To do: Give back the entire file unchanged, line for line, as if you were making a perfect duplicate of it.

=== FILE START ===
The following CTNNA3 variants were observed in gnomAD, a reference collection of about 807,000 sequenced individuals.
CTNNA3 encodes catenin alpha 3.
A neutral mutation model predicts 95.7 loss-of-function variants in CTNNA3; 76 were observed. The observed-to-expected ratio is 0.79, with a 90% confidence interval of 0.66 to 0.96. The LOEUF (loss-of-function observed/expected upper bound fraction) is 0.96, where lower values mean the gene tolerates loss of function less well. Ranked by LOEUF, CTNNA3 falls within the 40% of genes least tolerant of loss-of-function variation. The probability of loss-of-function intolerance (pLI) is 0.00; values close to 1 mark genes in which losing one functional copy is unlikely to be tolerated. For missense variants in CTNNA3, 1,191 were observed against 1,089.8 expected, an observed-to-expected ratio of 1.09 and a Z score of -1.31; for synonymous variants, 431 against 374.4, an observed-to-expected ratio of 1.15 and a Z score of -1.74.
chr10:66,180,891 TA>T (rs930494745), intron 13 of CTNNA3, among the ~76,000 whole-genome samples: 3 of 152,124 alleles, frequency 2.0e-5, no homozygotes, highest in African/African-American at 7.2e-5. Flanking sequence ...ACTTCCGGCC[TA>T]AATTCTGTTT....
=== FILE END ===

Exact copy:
The following CTNNA3 variants were observed in gnomAD, a reference collection of about 807,000 sequenced individuals.
CTNNA3 encodes catenin alpha 3.
A neutral mutation model predicts 95.7 loss-of-function variants in CTNNA3; 76 were observed. The observed-to-expected ratio is 0.79, with a 90% confidence interval of 0.66 to 0.96. The LOEUF (loss-of-function observed/expected upper bound fraction) is 0.96, where lower values mean the gene tolerates loss of function less well. Ranked by LOEUF, CTNNA3 falls within the 40% of genes least tolerant of loss-of-function variation. The probability of loss-of-function intolerance (pLI) is 0.00; values close to 1 mark genes in which losing one functional copy is unlikely to be tolerated. For missense variants in CTNNA3, 1,191 were observed against 1,089.8 expected, an observed-to-expected ratio of 1.09 and a Z score of -1.31; for synonymous variants, 431 against 374.4, an observed-to-expected ratio of 1.15 and a Z score of -1.74.
chr10:66,180,891 TA>T (rs930494745), intron 13 of CTNNA3, among the ~76,000 whole-genome samples: 3 of 152,124 alleles, frequency 2.0e-5, no homozygotes, highest in African/African-American at 7.2e-5. Flanking sequence ...ACTTCCGGCC[TA>T]AATTCTGTTT....